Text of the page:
provide that to the maximum extent possible, operating administrations 
for the DOT should provide an opportunity for public comment on 
regulations issued without prior notice.

Authority for This Rulemaking

    The FAA's authority to issue rules on aviation safety is found in 
Title 49 of the United States Code (U.S.C.). Subtitle I, Section 106 
describes the authority of the FAA Administrator. Subtitle VII, 
Aviation Programs, describes in more detail the scope of the agency's 
authority.
    This rulemaking is promulgated under the authority described in 
Subtitle VII, Part A, Subpart III, Section 44701, ``General 
Requirements.'' Under that section, Congress charged the FAA with 
prescribing regulations that set the minimum standards for practices, 
methods, and procedures necessary for safety in air commerce. This 
regulation is within the scope of that authority because it will set 
the minimum level of safety for operation of the Mitsubishi MU-2B.
    SFAR No. 108 contained inaccurate MU-2B flight training profiles, 
and the National Transportation Safety Board (NTSB) recommended that 
the FAA remedy these inaccuracies as soon as is practical due to 
serious safety concerns (NTSB Rec. A-14-96 and -97). The FAA concludes 
that immediate action is necessary to correct the inaccuracies in SFAR 
No. 108 and, therefore, finds that notice and public comment under 5 
U.S.C. 553(b) are impracticable and contrary to the public interest. 
Further, the FAA finds that good cause exists under 5 U.S.C. 553(d) for 
making this rule effective immediately upon publication.

[[Page 61584]]

I. Final Rule With Request for Comments

    Special Federal Aviation Regulation No. 108 mandated training, 
experience, and operating requirements to improve the safety of 
operating the MHI MU-2B series airplane. The SFAR contained inaccurate 
training maneuver profiles and is misaligned with current FAA flight 
training policy. This action corrects safety-related inaccuracies in 
the regulation and streamlines the process for updating MU-2B flight 
training requirements by removing them from regulations and placing 
them in advisory material. This change will permit the FAA to be more 
responsive by issuing guidance should any inaccuracies be discovered or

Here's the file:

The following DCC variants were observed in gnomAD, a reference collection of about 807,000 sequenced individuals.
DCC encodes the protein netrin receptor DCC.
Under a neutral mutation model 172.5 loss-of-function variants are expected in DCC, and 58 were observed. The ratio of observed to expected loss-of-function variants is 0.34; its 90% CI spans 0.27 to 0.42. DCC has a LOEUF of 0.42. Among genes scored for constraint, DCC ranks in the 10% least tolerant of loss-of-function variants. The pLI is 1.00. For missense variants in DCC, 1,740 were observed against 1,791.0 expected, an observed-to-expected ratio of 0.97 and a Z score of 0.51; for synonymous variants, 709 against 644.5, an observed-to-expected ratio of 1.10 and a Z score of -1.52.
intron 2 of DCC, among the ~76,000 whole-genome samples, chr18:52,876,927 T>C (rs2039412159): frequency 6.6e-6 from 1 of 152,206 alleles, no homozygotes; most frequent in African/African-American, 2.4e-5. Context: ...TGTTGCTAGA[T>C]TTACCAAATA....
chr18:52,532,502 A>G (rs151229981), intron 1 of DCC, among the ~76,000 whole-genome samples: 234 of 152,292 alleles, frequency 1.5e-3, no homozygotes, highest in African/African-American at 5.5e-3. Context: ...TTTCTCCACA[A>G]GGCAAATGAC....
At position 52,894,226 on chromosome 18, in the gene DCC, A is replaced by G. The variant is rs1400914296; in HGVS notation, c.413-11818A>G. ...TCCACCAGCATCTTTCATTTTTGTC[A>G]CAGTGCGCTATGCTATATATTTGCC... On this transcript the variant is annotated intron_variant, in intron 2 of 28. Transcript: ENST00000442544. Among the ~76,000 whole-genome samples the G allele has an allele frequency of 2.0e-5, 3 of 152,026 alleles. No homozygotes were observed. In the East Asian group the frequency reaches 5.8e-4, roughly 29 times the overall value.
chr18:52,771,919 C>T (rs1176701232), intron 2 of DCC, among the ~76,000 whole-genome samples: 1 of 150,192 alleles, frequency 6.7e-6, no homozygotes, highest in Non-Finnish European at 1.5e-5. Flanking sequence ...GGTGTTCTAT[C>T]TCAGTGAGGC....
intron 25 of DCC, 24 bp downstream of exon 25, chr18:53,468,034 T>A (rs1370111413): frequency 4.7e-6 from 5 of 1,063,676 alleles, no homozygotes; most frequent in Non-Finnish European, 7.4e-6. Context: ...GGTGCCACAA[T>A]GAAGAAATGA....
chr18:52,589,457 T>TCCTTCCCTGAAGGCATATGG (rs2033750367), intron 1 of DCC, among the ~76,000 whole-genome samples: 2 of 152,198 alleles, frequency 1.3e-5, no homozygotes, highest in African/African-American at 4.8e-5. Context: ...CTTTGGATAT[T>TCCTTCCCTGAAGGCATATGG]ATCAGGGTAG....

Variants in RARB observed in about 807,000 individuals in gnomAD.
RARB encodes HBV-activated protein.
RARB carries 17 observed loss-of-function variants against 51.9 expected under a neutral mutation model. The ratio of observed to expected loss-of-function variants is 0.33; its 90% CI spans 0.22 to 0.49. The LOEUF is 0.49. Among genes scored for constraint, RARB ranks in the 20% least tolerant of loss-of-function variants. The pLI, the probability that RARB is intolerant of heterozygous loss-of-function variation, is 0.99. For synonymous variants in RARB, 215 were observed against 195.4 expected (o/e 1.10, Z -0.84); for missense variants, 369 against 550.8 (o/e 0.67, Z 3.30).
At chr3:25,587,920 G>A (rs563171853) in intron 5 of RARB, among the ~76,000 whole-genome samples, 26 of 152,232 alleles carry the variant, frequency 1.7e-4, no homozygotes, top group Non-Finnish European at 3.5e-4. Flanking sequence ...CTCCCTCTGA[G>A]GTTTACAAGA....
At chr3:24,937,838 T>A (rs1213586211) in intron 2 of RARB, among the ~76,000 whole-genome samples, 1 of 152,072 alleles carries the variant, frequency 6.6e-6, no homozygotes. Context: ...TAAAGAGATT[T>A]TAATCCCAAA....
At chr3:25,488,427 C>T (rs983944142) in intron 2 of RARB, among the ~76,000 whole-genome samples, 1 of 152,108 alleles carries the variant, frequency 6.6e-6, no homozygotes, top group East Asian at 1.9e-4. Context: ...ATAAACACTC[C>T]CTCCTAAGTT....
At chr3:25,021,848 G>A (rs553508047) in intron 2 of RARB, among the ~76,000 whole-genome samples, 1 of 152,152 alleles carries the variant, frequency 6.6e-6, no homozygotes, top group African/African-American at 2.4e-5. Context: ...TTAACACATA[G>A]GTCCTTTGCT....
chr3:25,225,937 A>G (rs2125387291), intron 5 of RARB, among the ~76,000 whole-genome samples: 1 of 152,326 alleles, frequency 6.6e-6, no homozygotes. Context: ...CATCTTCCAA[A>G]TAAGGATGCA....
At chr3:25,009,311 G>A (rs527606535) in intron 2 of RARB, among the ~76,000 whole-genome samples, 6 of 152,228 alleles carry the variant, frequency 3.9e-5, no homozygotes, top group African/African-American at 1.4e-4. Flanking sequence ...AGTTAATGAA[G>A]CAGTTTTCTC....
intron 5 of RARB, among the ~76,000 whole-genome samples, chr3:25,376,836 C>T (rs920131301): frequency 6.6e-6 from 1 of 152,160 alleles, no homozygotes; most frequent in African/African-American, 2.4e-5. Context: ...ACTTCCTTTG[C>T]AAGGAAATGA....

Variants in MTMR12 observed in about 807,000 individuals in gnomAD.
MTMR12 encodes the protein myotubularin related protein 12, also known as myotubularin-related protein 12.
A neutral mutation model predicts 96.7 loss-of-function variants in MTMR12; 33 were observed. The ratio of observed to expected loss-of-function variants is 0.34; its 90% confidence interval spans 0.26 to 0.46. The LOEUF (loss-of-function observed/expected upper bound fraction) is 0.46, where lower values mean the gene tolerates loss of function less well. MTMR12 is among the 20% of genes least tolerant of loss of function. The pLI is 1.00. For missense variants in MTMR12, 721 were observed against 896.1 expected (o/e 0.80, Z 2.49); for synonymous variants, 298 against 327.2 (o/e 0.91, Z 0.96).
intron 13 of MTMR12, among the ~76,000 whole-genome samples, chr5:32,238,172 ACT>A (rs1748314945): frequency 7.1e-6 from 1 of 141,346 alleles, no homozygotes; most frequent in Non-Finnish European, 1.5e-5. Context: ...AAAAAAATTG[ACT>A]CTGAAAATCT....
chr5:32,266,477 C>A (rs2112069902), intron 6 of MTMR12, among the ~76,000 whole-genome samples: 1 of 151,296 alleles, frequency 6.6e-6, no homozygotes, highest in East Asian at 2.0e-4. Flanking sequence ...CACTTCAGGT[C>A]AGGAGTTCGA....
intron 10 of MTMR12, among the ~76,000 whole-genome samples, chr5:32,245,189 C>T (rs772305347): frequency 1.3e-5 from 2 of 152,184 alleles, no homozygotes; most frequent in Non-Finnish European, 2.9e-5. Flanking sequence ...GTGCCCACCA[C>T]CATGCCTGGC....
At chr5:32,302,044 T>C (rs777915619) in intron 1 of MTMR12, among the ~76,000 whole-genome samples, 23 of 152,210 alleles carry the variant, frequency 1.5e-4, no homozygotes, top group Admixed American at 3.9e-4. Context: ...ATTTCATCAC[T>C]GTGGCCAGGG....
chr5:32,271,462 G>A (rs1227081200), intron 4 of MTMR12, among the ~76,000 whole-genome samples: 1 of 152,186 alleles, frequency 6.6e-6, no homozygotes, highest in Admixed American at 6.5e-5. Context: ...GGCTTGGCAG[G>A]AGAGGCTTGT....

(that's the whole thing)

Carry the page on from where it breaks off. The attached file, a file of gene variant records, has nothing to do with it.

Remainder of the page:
should training requirements or policy need to be revised and updated 
in the future. As a result of this action, pilots, operators, training 
providers, and safety officials will have more timely and accurate 
training material.

II. Background

A. Background

    In 2008, the FAA published SFAR No. 108 to mandate flight training 
and experience requirements for operators of the MHI MU-2B twin-
turboprop aircraft. The rule became effective in 2009 and did not have 
an expiration date. The flight training and experience requirements 
were based on an FAA safety evaluation of the aircraft, which has 
unique control surfaces and characteristics. There is a fleet of 
approximately 300 aircraft operating today in accordance with 14 CFR 
parts 91 and 135. In the 20 years leading up to SFAR No. 108, the MU-2B 
series aircraft experienced 80 accidents with 40 fatalities. Since the 
effective date of SFAR No. 108, there have only been two fatal 
accidents. In addition to experience and annual training requirements 
for pilots, SFAR No. 108 mandated training curriculum and flight 
profiles for operators and training providers.
    Following the issuance of SFAR No. 108 on February 5, 2008, with a 
compliance date of February 5, 2009, Mitsubishi Heavy Industries of 
America (MHIA) and Turbine Aircraft Services (TAS), an industry party, 
began an evaluation to identify errors in flight profiles published in 
SFAR No. 108. At that time, minor spelling errors and technical items 
were identified. Additionally, MHIA and TAS notified the FAA of at 
least one error in procedure in the One Engine Inoperative Maneuvering 
Loss of Directional Control (Vmc Demonstration) profile.
    Additionally, since the publication of SFAR No. 108, the FAA has 
approved the use of Continued Descent Final Approach (CDFA) procedures 
in all training programs, including the training programs for the MU-
2B. The MU-2B FAA Flight Standardization Board (FSB) \1\ subsequently 
included CDFA profiles in its FSB Report for use in MU-2B training 
programs. Because the FAA did not include CDFA procedures in SFAR No. 
108, pilots were not permitted to train on these procedures or operate 
the aircraft consistent with them.
---------------------------------------------------------------------------

    \1\ An FSB's primary responsibility is to determine requirements 
for pilot type ratings, to develop minimum training recommendations, 
and to ensure flight crew member competency. 8900.1, Volume 8, 
Chapter 2, Section 5.
---------------------------------------------------------------------------

    In 2012, the FAA revised its stall recognition and recovery 
procedures for all aircraft and all training programs by removing the 
emphasis to ensure a ``minimum loss of altitude'' when performing stall 
training maneuvers and by emphasizing a positive reduction in angle of 
attack procedure as the proper stall recovery method (Advisory Circular 
(AC) 120-109). The FAA also introduced the use of ``startle factor''